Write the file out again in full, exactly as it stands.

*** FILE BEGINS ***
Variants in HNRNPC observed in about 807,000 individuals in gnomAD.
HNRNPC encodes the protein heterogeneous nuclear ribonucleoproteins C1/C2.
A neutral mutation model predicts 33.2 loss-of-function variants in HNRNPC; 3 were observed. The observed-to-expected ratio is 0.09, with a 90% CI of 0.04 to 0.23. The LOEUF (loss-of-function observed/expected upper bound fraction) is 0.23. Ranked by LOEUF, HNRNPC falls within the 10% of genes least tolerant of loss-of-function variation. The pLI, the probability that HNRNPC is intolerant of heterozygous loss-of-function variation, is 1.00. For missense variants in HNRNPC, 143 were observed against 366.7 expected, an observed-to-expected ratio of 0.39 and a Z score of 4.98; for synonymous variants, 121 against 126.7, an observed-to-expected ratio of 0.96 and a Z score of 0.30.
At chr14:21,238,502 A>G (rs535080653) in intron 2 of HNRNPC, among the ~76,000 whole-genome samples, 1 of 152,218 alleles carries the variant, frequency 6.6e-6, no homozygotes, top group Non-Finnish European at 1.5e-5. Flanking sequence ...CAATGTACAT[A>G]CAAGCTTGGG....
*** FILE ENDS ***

Variants in HNRNPC observed in about 807,000 individuals in gnomAD.
HNRNPC encodes the protein heterogeneous nuclear ribonucleoproteins C1/C2.
A neutral mutation model predicts 33.2 loss-of-function variants in HNRNPC; 3 were observed. The observed-to-expected ratio is 0.09, with a 90% CI of 0.04 to 0.23. The LOEUF (loss-of-function observed/expected upper bound fraction) is 0.23. Ranked by LOEUF, HNRNPC falls within the 10% of genes least tolerant of loss-of-function variation. The pLI, the probability that HNRNPC is intolerant of heterozygous loss-of-function variation, is 1.00. For missense variants in HNRNPC, 143 were observed against 366.7 expected, an observed-to-expected ratio of 0.39 and a Z score of 4.98; for synonymous variants, 121 against 126.7, an observed-to-expected ratio of 0.96 and a Z score of 0.30.
At chr14:21,238,502 A>G (rs535080653) in intron 2 of HNRNPC, among the ~76,000 whole-genome samples, 1 of 152,218 alleles carries the variant, frequency 6.6e-6, no homozygotes, top group Non-Finnish European at 1.5e-5. Flanking sequence ...CAATGTACAT[A>G]CAAGCTTGGG....